It's hard to confess, but yes, it's 2006 and I'd never seen one of the most important films ever made about Black folks.
Elarryo has a long list of movies I've never seen and he believes it's imperative I watch them before I leave this planet. One of those films is "School Daze" by Spike Lee. In preparation for Black History Month, I was treated to the complete home theatre experience of the film.
This photo is an image of Tisha Campbell playing a colorstruck girl named Jane Toussaint, and Spike himself playing wannabe Gamma Phi Gamma frat boy Half-Pint. In the film the character Jane is the queen of the light-skinned sorority sisters, the Gamma Rays. She has over the top blond/red hair and fake blue contact lenses.
In 1988 when this came out, it was a big deal in the Black community to have a weave and fake contacts... jump forward 18 years to Beyonce Knowles. Is Beyonce channelling Jane Toussaint or what?
We look at L'il Kim nowadays and shrug our shoulders, "Yeah, she thinks she's Barbie but more power to her if that's what she wants to do." Go ahead and keep getting those blonde weaves, bleaching your skin and straightening your nose Kim!
How interesting is it that today, pretty much any Black female actress, model or singer wears a weave...it's just standard practice now. And we think nothing of seeing Ciara with long blonde hair down to her behind. Do we think it's real? Or, perhaps we should all stop throwing stones at James Frey since none of us are really too caught up in what's the truth and what isn't...as long as it looks good, that's what counts.
Black folks used to be up in arms over the plethora of light-skinned women in music videos. It was always clear that the darker skinned sistahs were not high up on the beauty booty-shaking totem pole. Well, guess what Black folks, we done played ourselves...turn on any video by any Black male artist nowadays and guess what, there are almost no Black women (light skinned or dark skinned) anywhere in the videos at all unless there's a significant amount of dancing. Otherwise, for your typical video consisting of, "Hey, let's all dress in white and have some slo-mo shots of us grinding against some hot girls", it's all about folks that have Black ancestry but are reluctant to claim it: Brazilian, Puerto Rican, Cuban, and Dominican women. They have the light skin and they have the straight hair that we all seem to want...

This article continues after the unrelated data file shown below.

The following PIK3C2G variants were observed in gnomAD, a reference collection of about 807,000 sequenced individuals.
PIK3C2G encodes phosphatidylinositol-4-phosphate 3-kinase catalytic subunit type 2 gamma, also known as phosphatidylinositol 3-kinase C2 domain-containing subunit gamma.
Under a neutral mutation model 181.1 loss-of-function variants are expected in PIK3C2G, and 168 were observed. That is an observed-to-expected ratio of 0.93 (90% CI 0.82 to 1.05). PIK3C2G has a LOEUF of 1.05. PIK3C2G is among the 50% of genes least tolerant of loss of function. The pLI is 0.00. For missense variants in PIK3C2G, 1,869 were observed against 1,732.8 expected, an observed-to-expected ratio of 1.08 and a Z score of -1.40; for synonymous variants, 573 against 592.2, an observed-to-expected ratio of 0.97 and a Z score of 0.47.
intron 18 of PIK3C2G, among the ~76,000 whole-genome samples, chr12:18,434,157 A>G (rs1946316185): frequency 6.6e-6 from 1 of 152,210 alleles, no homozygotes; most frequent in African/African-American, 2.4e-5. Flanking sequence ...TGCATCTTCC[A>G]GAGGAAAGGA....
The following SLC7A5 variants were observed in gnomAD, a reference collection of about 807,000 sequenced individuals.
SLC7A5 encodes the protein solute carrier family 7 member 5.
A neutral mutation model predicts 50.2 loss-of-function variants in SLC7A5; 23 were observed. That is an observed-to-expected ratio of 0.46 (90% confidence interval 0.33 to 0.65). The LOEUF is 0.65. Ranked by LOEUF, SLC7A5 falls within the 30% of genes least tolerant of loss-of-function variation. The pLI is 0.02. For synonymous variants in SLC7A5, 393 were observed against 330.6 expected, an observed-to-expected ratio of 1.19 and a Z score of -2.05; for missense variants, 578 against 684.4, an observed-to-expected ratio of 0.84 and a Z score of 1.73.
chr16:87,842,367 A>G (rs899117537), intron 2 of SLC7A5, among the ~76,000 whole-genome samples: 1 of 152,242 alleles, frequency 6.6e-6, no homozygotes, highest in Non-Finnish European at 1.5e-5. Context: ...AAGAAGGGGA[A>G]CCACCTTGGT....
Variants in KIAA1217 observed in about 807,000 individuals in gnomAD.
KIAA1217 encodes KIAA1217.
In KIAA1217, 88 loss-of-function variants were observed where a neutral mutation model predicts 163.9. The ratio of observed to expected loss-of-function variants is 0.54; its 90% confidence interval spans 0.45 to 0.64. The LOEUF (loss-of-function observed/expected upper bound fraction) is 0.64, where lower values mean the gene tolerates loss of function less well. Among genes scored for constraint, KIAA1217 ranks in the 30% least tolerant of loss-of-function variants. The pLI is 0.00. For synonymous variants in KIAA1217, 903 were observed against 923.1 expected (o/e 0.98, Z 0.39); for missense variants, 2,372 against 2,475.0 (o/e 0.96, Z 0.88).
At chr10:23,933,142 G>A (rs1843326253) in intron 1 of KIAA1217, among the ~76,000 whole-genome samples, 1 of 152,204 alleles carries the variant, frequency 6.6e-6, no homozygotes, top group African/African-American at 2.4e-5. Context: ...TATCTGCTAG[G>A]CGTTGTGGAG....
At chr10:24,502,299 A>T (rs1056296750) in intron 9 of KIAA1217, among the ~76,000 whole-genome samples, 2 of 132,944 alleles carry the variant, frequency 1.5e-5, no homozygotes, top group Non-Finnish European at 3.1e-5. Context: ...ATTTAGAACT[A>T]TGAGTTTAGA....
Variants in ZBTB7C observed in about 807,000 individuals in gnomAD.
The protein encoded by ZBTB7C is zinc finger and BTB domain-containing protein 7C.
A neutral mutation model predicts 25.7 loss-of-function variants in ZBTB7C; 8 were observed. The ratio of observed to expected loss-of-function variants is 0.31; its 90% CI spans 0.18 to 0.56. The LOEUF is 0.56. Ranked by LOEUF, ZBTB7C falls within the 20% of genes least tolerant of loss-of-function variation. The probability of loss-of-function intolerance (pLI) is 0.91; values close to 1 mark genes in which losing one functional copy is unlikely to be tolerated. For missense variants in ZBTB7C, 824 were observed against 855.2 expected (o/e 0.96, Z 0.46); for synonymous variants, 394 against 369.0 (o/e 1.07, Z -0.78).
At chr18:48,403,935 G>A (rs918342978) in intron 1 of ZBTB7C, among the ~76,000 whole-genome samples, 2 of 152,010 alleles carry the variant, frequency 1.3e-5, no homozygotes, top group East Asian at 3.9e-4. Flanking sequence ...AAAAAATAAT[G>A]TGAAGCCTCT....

Have you seen P. Diddy's new ads for his fragrance Unforgivable? He isn't even trying to check for Black women. He's successful enough to have an Asian woman sprawled across his leg and a Latina sitting in the background...but it's too sexy for stores? Okaay...maybe if he got a little more muscle tone and maybe if the both women didn't have these looks that seems to be saying, "Ok, I'm so going to kill my agent because I'll never get a good date after this ad goes public."
Because we Black Women have it so bad (you know, there are no good Black men and all that jazz), Hollywood has given us a special Black History Month present in the form of a movie called Something New . Don't you feel special now?
Apparently, the "new" thing is supposed to be Black women being found attractive by white men.
Hmm...I guess everybody done gone and forgot about the white male massah sneakin' off to the slave quarters to get with those Black female slaves. All in favor of Black History Month keepin' it real say, "Amen."
i had to ask myself, why do we (as human beings) become complacent about things that felt unjust or inhumane. i.e. 20 years have passed and we no longer care about beyonce and kim and any other woman dehumanizing herself.
which leads me to ask how is it possible to develop a fire for something and sustain that fire? it seems like part of what leads us to complacency might be exhaustion.
and then, i'm also thinking about the problem with adopting values based on the "new thing" advertisers/producers want to sell us. but, i don't have any points to make about that yet.
thanks for referring me to this post.